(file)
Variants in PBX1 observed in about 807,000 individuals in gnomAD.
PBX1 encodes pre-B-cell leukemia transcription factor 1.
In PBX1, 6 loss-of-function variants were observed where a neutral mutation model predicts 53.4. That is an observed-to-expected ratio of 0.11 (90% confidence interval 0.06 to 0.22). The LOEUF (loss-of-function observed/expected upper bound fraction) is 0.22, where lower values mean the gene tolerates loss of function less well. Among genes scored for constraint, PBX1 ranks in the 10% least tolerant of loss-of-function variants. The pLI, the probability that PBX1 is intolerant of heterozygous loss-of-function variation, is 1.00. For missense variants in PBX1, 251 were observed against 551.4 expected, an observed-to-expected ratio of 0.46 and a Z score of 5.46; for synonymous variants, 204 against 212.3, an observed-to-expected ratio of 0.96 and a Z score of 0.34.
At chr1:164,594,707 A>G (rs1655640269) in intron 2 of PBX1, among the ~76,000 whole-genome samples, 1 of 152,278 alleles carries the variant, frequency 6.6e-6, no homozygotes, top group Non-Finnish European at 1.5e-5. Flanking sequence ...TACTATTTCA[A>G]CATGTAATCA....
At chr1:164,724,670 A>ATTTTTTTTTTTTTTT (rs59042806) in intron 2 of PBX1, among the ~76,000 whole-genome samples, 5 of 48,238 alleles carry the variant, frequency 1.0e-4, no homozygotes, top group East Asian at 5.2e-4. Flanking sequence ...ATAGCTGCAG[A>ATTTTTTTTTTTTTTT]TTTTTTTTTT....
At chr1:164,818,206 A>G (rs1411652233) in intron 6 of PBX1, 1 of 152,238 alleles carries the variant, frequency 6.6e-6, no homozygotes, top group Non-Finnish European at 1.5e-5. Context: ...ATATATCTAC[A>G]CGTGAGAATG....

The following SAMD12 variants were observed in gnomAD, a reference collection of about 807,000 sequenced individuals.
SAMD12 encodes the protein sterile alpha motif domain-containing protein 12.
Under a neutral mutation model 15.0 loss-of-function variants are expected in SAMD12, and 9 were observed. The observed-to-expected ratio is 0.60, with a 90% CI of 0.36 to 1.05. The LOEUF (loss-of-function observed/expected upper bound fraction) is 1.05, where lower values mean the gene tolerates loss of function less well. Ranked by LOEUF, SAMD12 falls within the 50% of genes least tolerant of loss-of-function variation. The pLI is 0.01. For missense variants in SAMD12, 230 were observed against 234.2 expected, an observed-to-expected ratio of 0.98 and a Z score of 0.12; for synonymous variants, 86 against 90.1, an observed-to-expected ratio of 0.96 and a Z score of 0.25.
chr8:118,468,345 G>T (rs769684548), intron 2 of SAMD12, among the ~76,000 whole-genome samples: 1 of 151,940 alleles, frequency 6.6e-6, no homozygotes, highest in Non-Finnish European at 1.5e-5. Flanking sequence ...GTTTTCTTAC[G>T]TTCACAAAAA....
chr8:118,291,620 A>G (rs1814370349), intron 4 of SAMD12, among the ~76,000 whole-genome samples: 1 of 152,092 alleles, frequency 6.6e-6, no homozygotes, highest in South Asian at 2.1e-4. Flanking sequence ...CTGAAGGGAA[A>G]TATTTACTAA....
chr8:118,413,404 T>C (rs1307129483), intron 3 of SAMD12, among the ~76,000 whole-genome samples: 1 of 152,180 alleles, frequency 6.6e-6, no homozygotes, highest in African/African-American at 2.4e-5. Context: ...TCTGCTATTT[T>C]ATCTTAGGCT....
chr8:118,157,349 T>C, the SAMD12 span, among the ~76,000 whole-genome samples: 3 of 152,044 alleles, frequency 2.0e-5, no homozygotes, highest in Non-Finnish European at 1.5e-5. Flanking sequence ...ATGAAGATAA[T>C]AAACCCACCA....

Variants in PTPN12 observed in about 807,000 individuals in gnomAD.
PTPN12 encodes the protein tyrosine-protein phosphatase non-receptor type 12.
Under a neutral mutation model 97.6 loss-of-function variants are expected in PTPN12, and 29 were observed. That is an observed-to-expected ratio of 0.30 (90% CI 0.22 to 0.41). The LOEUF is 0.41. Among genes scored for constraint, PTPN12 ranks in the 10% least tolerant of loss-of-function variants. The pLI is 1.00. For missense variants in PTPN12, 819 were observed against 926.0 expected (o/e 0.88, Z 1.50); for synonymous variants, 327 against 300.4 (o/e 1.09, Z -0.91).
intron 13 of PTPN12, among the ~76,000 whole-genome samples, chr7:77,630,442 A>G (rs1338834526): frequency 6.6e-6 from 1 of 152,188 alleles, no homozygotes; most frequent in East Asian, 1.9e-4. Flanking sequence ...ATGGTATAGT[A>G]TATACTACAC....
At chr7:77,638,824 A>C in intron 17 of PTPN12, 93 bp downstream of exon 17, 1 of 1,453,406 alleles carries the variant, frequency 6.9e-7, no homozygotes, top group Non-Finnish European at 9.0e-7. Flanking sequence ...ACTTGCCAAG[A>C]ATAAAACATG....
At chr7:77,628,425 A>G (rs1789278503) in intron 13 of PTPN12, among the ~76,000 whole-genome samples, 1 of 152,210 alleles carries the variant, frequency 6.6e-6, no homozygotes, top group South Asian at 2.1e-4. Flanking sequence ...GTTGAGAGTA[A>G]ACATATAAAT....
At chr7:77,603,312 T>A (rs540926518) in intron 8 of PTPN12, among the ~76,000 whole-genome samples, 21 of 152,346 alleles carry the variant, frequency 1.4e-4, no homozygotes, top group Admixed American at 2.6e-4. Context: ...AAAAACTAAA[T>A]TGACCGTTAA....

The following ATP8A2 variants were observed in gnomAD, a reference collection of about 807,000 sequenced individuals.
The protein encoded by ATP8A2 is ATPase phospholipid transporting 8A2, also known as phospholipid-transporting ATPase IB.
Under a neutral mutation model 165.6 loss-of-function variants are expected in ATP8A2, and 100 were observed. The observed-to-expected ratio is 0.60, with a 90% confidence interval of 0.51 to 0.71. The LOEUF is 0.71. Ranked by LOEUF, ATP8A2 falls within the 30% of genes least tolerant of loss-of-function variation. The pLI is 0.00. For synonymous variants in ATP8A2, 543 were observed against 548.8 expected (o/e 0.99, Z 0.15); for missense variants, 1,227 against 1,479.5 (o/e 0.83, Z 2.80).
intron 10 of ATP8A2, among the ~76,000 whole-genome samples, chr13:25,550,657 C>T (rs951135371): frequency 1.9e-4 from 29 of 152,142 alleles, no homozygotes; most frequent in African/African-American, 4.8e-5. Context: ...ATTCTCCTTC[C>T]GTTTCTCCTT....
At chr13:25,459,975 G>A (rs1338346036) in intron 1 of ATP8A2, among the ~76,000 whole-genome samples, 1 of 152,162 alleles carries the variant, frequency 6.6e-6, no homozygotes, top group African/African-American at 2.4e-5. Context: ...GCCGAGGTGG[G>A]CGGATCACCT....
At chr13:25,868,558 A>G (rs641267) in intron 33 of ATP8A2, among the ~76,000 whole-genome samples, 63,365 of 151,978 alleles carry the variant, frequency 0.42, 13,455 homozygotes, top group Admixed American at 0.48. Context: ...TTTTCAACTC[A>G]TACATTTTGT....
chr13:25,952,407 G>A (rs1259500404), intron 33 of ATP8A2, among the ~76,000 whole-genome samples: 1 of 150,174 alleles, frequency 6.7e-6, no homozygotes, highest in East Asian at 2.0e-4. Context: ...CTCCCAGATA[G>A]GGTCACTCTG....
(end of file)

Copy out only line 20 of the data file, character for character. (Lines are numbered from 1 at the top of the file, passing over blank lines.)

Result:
At chr7:77,603,312 T>A (rs540926518) in intron 8 of PTPN12, among the ~76,000 whole-genome samples, 21 of 152,346 alleles carry the variant, frequency 1.4e-4, no homozygotes, top group Admixed American at 2.6e-4. Context: ...AAAAACTAAA[T>A]TGACCGTTAA....